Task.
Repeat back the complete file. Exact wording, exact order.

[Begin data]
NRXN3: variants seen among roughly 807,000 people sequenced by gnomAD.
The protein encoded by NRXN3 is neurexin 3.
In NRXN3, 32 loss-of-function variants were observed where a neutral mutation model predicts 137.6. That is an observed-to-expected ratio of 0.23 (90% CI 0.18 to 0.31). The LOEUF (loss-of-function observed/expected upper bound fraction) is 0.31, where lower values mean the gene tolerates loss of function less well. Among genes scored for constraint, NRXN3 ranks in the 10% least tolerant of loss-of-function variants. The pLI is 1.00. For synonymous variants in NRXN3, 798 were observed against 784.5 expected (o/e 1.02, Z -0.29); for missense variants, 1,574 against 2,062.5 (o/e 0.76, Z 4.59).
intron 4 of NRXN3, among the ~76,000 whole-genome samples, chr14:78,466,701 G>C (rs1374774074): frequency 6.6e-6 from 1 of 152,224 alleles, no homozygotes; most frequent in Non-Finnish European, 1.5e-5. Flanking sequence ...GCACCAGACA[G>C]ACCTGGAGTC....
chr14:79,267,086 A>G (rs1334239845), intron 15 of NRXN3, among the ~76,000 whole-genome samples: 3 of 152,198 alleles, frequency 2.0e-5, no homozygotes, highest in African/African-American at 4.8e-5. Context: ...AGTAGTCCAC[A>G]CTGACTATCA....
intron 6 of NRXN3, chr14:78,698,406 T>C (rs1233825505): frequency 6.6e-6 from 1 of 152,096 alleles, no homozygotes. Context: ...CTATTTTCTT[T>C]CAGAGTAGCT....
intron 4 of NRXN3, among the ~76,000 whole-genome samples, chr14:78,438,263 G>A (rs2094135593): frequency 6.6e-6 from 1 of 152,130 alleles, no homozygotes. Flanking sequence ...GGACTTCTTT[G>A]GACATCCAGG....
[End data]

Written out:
NRXN3: variants seen among roughly 807,000 people sequenced by gnomAD.
The protein encoded by NRXN3 is neurexin 3.
In NRXN3, 32 loss-of-function variants were observed where a neutral mutation model predicts 137.6. That is an observed-to-expected ratio of 0.23 (90% CI 0.18 to 0.31). The LOEUF (loss-of-function observed/expected upper bound fraction) is 0.31, where lower values mean the gene tolerates loss of function less well. Among genes scored for constraint, NRXN3 ranks in the 10% least tolerant of loss-of-function variants. The pLI is 1.00. For synonymous variants in NRXN3, 798 were observed against 784.5 expected (o/e 1.02, Z -0.29); for missense variants, 1,574 against 2,062.5 (o/e 0.76, Z 4.59).
intron 4 of NRXN3, among the ~76,000 whole-genome samples, chr14:78,466,701 G>C (rs1374774074): frequency 6.6e-6 from 1 of 152,224 alleles, no homozygotes; most frequent in Non-Finnish European, 1.5e-5. Flanking sequence ...GCACCAGACA[G>C]ACCTGGAGTC....
chr14:79,267,086 A>G (rs1334239845), intron 15 of NRXN3, among the ~76,000 whole-genome samples: 3 of 152,198 alleles, frequency 2.0e-5, no homozygotes, highest in African/African-American at 4.8e-5. Context: ...AGTAGTCCAC[A>G]CTGACTATCA....
intron 6 of NRXN3, chr14:78,698,406 T>C (rs1233825505): frequency 6.6e-6 from 1 of 152,096 alleles, no homozygotes. Context: ...CTATTTTCTT[T>C]CAGAGTAGCT....
intron 4 of NRXN3, among the ~76,000 whole-genome samples, chr14:78,438,263 G>A (rs2094135593): frequency 6.6e-6 from 1 of 152,130 alleles, no homozygotes. Flanking sequence ...GGACTTCTTT[G>A]GACATCCAGG....